With his class drastically reduced in size, Kaito’s spirits are low and he is in need of a new strategy to combat Kiryu’s attempts to shut down A-TEC. When a fellow employee tries to pass off an obligation to Kaito, he is inspired to appeal to the union, a move that seems to initially play in A-TEC’s favor; however, Kaito’s students quickly realize what Kiryu meant when he said that the union isn’t as righteous as they think. Even so, it seems that Kaito has gained an upper hand against Kiryu’s plans, until Kiryu pulls a trump card of his own, effectively stopping Kaito’s plans in their tracks. Just when it seems like things are back at square one, Kaito finds support from those he thought had abandoned him, and manages to find an answer to his problems from the very thing Kiryu intended as a hindrance.
This is the first episode of Classroom Crisis that I found truly compelling. Not that the previous episodes have necessarily been boring, but this time around there seemed to be a purpose and central plot driving the entire episode. The initial introduction of the union made the show seem like it may have been heading in the direction of “educational” anime, such as Spice and Wolf and Maoyu (both of which wrapped up lessons about economics in their fantasy plots), but outside of the explanation of what a union is, this episode didn’t really cover much in terms of educating the viewer about business practices. It did, however, deliver in terms of genuinely tense moments, such as Kiryu’s comment about the union not being righteous followed by the political rally where it was revealed that the union intended to use Kaito’s notoriety to back a political candidate.
The episode does raise curiosities about the standard Japanese view of unions, given the shady motives displayed and their swift abandonment of Kaito when his status changes. Of course, it is incredibly satisfying to watch Kaito turn this change of events to his favor (no doubt with the assistance of his students). Watching Kiryu (and Angelina) get one-upped is one of this entry’s highlights, especially because their characters are easy to dislike in many circumstances. Despite that, the writers do a good job of making these characters (or at least Kiryu) compelling in their on right. The tension between him and his brother continues to build, and one can’t help but wonder what the story behind their relationship (and the brother’s motives) is. Add that to Kiryu’s confusing reaction to Kaito’s actions at the end of the episode, and it really makes forming an opinion on Kiryu difficult.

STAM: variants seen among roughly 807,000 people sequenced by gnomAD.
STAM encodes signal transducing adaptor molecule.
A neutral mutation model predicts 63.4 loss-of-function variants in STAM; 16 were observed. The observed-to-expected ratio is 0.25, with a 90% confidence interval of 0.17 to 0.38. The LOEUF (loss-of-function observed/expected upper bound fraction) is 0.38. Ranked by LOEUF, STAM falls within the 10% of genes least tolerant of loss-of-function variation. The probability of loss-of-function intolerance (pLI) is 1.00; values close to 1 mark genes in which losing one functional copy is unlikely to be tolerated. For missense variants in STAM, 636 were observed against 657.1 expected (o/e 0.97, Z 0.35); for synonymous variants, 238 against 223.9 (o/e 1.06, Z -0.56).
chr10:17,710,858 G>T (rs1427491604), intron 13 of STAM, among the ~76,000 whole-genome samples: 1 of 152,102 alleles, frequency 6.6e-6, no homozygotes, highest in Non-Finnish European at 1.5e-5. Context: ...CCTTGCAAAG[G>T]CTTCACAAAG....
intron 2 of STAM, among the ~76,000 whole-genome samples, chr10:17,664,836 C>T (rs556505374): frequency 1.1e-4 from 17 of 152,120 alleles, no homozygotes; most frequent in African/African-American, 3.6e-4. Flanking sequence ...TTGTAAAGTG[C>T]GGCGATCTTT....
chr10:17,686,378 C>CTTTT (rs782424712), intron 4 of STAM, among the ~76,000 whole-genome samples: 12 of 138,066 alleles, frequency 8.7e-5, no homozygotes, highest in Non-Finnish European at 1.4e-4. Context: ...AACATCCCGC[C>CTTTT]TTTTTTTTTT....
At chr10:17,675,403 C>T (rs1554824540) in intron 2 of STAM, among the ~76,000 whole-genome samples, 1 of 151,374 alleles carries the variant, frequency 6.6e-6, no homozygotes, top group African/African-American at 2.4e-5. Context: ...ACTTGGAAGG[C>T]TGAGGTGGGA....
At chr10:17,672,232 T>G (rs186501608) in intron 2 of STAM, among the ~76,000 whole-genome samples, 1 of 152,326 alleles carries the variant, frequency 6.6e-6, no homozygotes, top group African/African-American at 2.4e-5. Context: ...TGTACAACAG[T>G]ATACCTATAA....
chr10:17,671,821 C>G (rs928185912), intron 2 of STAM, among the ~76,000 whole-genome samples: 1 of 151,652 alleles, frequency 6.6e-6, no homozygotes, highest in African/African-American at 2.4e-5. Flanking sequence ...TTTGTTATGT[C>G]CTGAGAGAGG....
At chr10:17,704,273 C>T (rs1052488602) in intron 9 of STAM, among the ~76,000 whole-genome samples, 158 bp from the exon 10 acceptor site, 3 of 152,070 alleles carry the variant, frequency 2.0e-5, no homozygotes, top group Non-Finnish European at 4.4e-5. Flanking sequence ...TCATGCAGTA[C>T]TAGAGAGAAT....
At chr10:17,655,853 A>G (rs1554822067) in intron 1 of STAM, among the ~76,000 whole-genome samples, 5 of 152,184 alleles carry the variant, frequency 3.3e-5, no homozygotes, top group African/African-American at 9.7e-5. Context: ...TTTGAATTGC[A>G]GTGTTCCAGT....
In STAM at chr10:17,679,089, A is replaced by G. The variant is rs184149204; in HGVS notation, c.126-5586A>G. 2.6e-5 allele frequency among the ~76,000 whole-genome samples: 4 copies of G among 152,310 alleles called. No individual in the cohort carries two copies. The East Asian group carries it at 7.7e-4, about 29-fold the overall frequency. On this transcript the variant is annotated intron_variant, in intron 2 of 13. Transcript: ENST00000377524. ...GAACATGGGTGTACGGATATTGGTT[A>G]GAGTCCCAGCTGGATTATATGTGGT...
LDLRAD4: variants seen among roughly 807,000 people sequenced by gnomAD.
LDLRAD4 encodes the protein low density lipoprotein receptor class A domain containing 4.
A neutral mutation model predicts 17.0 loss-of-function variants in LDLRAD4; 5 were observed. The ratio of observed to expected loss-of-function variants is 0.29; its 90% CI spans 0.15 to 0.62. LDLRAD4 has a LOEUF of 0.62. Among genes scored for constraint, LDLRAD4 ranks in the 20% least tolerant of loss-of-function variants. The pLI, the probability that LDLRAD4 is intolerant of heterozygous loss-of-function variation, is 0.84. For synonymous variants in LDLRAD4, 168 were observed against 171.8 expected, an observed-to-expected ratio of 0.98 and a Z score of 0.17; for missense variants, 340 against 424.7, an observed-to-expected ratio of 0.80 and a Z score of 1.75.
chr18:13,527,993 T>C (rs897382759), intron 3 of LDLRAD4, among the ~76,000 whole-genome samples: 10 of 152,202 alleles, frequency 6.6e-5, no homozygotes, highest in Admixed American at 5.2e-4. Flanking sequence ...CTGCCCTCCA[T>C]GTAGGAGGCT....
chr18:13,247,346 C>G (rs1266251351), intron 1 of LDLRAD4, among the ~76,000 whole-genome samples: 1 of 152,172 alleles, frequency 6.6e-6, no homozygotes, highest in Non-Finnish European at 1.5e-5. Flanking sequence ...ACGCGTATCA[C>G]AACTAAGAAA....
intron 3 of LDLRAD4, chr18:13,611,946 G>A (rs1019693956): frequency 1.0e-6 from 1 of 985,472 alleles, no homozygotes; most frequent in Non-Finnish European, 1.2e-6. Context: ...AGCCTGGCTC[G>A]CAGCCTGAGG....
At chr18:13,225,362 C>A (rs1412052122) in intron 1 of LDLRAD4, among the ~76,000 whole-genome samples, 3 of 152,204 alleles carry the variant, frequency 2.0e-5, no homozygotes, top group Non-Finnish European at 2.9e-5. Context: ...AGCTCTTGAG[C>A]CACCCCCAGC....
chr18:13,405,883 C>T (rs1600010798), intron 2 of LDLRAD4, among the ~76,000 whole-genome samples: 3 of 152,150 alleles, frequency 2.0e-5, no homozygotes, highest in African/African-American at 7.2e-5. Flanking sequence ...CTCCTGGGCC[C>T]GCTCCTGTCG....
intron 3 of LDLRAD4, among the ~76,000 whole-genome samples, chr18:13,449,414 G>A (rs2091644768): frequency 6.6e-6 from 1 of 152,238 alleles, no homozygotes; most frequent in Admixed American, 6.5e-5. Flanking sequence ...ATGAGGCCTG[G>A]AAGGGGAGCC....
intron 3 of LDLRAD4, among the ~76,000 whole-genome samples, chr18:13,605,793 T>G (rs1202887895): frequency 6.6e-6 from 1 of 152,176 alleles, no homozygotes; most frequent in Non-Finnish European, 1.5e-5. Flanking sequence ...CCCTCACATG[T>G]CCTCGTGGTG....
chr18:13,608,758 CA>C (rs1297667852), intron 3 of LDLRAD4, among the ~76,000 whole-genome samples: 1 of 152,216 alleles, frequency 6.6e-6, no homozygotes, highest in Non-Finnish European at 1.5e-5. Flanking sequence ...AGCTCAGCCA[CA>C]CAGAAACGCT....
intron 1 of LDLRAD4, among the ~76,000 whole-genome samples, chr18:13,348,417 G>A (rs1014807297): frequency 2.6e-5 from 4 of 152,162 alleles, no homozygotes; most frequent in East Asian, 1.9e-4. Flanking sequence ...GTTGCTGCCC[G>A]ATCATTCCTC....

If you’ve been feeling a bit unsure about Classroom Crisis, then at least give this episode a try. It’s events seem to finally establish a genuine sense of conflict between the opposing parties, instead of simply continuing the various occurrences of Kiryu and Angelina further deconstructing A-TEC. While Kaito (and, to an extent, Kiryu) seem to have definitively taken the title of “main character(s)”, the show still does a good job of showing the efforts of Kaito’s students without causing them to feel as if they’re simply tagged on characters. If Classroom Crisis can continue like this, it just may turn out to be a great show.
A Christian Perspective:
Matthew 24:13 – but the one who stands firm to the end will be saved.
While I know that this verse is talking about the eternal salvation of our souls (a much more serious meaning than what I’m going to discuss here), the idea of “standing firm” seemed to be presented in this episode. The implication of this verse seems to be clear: it is only those who stand firm that will be saved. In the same vein, only those who stand firm in whatever trials they face will have a chance of seeing victory. This certainly holds true for A-TEC’s situation, because if Kaito and his class choose to quit trying, then A-TEC will be closed down for good. There were certainly times in this episode where the idea of Kaito giving up was presented, yet every time he decided to stay in the game and continue fighting. As a result, several students who had quit A-TEC have returned, and they have found a way to game the system so that they can function the way they need to. Of course, as previously stated, none of this matches the severity of standing firm in our faith, but it is still a good lesson for us to learn. Of course, there will be things in life that aren’t worth pursuing, so we need wisdom and discernment to determine if what we are fighting for deserves the effort required to pursue it.
Spiritual Content: None
Language: 1 “h*ck”
Alcohol/Drug Use: None
Nudity/Sex/Fanservice: The episode preview shows Kaito shirtless, girls in bikinis (with some cleavage), and one girl in a hot spring where you can see the tops of her breasts
Violence: Kiryu is hit in the face with a newspaper; a character has her cheeks pulled and fists grinded into her head; Angelina slaps Kaito